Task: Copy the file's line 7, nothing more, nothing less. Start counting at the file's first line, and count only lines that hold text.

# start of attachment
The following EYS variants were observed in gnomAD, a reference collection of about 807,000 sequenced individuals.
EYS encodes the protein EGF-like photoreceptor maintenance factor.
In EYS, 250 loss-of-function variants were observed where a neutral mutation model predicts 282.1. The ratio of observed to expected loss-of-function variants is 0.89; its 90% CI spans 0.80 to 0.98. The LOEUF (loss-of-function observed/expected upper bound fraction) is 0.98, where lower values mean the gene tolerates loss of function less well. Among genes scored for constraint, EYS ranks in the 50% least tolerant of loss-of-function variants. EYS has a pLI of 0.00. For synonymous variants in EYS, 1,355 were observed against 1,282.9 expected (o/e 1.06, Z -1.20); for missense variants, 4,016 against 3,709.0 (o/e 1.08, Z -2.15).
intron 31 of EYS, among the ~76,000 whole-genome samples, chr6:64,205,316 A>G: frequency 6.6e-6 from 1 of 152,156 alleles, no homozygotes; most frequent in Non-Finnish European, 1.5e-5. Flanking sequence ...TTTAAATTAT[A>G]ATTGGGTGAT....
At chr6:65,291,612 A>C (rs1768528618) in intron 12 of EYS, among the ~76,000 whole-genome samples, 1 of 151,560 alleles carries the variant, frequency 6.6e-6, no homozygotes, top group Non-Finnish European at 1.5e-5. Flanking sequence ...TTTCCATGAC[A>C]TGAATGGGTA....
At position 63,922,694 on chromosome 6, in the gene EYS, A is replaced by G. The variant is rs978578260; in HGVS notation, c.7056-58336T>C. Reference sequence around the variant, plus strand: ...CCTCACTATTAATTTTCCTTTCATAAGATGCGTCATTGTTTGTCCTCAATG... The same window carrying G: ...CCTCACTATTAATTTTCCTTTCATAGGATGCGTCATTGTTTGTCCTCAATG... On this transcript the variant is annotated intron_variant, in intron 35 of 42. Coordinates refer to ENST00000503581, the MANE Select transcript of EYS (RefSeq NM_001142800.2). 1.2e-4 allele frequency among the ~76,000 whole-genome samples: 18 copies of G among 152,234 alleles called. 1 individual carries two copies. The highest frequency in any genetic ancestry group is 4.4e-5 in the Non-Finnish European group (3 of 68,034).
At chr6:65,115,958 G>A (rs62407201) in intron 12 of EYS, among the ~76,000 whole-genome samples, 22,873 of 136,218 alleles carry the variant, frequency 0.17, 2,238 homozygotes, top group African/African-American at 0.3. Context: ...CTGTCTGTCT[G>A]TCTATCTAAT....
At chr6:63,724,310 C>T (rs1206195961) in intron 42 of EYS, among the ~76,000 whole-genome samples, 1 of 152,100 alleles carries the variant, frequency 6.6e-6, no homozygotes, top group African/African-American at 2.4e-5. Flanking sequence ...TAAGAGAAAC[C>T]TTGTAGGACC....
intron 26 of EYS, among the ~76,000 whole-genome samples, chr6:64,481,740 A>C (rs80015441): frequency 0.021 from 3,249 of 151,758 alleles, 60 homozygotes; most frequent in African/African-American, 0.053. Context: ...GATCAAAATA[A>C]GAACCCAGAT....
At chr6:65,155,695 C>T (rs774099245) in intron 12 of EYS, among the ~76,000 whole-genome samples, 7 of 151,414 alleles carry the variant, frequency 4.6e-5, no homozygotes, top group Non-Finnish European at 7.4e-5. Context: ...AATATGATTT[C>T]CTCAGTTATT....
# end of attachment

At chr6:65,115,958 G>A (rs62407201) in intron 12 of EYS, among the ~76,000 whole-genome samples, 22,873 of 136,218 alleles carry the variant, frequency 0.17, 2,238 homozygotes, top group African/African-American at 0.3. Context: ...CTGTCTGTCT[G>A]TCTATCTAAT....